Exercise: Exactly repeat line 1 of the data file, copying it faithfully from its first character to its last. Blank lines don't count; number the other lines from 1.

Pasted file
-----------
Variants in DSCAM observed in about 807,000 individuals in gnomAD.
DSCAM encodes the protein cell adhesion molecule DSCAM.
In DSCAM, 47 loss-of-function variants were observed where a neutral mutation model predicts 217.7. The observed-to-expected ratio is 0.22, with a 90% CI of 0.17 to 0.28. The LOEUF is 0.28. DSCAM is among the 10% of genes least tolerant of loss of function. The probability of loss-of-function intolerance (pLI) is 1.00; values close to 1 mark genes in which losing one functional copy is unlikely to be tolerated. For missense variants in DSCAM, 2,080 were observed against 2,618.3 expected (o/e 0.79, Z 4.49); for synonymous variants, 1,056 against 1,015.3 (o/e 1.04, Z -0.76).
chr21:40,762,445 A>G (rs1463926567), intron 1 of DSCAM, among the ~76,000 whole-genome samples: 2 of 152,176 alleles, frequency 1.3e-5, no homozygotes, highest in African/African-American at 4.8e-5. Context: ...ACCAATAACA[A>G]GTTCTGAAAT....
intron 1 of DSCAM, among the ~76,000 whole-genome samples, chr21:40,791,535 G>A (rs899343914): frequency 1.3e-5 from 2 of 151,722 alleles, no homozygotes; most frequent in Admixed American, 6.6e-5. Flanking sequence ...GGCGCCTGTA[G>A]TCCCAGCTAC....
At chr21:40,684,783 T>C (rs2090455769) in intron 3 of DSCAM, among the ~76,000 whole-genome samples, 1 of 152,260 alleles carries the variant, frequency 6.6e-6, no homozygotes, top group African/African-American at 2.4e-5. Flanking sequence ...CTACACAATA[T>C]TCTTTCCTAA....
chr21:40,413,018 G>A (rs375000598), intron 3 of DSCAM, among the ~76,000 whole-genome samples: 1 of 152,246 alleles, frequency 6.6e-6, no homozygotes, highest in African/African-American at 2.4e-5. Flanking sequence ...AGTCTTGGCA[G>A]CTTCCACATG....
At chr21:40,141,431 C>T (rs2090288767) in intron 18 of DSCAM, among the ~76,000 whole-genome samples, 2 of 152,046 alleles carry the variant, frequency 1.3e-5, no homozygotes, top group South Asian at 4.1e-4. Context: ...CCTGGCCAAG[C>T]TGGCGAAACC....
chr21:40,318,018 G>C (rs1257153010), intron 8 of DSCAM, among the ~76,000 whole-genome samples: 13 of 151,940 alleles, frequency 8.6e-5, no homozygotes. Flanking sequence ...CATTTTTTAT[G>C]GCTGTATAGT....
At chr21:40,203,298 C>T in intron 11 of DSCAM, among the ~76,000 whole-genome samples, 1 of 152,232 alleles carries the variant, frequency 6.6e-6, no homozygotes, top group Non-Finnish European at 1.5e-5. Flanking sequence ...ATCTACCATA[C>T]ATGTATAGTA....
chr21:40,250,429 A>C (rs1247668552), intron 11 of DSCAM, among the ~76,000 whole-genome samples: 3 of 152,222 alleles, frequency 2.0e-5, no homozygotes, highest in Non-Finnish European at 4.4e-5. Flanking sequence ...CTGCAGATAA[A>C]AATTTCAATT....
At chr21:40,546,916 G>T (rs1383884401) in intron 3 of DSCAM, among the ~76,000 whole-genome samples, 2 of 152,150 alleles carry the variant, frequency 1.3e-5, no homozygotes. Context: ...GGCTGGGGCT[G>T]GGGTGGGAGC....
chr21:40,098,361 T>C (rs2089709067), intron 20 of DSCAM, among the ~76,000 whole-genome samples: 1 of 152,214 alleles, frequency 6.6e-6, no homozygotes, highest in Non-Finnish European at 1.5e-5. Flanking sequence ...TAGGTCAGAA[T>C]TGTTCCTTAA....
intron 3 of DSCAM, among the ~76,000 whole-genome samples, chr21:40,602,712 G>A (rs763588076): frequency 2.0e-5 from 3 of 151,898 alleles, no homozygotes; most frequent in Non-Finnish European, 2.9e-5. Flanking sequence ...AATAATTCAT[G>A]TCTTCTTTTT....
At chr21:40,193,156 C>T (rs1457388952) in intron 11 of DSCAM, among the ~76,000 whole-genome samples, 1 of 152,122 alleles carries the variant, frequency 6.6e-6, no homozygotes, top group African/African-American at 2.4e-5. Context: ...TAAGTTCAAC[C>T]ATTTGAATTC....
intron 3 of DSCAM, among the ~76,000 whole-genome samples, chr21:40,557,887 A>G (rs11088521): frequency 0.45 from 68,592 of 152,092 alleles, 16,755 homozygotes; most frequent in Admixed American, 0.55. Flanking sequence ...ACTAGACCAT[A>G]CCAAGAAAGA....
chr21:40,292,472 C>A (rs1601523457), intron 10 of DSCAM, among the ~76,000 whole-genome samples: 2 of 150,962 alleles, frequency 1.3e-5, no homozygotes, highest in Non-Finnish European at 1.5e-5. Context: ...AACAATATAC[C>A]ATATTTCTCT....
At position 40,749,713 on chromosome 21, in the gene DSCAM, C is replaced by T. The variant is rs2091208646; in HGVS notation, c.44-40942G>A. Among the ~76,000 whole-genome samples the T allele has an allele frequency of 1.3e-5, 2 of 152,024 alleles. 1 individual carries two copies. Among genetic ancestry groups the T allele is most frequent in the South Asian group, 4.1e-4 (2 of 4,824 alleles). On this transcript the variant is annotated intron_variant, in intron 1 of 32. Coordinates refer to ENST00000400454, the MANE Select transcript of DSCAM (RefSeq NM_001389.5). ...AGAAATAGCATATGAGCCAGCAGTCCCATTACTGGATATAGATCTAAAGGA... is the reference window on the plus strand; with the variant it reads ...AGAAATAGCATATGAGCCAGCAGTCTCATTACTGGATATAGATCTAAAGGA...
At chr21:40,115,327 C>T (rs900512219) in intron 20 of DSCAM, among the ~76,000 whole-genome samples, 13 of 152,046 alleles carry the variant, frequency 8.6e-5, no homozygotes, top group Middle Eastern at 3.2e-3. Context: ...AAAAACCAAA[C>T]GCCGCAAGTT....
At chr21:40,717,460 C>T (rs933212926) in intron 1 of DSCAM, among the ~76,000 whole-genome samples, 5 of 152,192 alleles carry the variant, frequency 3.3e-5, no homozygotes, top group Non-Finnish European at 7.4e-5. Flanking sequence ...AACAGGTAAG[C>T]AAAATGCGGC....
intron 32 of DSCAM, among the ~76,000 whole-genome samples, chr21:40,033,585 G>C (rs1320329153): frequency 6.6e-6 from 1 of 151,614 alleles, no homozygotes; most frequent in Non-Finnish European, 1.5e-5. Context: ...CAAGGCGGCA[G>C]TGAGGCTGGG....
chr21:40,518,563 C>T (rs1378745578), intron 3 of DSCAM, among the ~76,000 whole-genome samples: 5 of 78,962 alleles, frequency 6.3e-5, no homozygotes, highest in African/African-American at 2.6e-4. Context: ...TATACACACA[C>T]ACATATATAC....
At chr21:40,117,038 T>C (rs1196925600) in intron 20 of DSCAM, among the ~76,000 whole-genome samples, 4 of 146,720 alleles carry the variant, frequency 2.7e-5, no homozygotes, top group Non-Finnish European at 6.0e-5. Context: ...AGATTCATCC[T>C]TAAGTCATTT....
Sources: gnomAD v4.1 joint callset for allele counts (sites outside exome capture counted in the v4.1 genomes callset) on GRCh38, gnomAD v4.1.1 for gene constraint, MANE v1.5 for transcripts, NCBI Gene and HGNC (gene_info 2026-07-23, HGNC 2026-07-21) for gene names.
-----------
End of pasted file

Variants in DSCAM observed in about 807,000 individuals in gnomAD.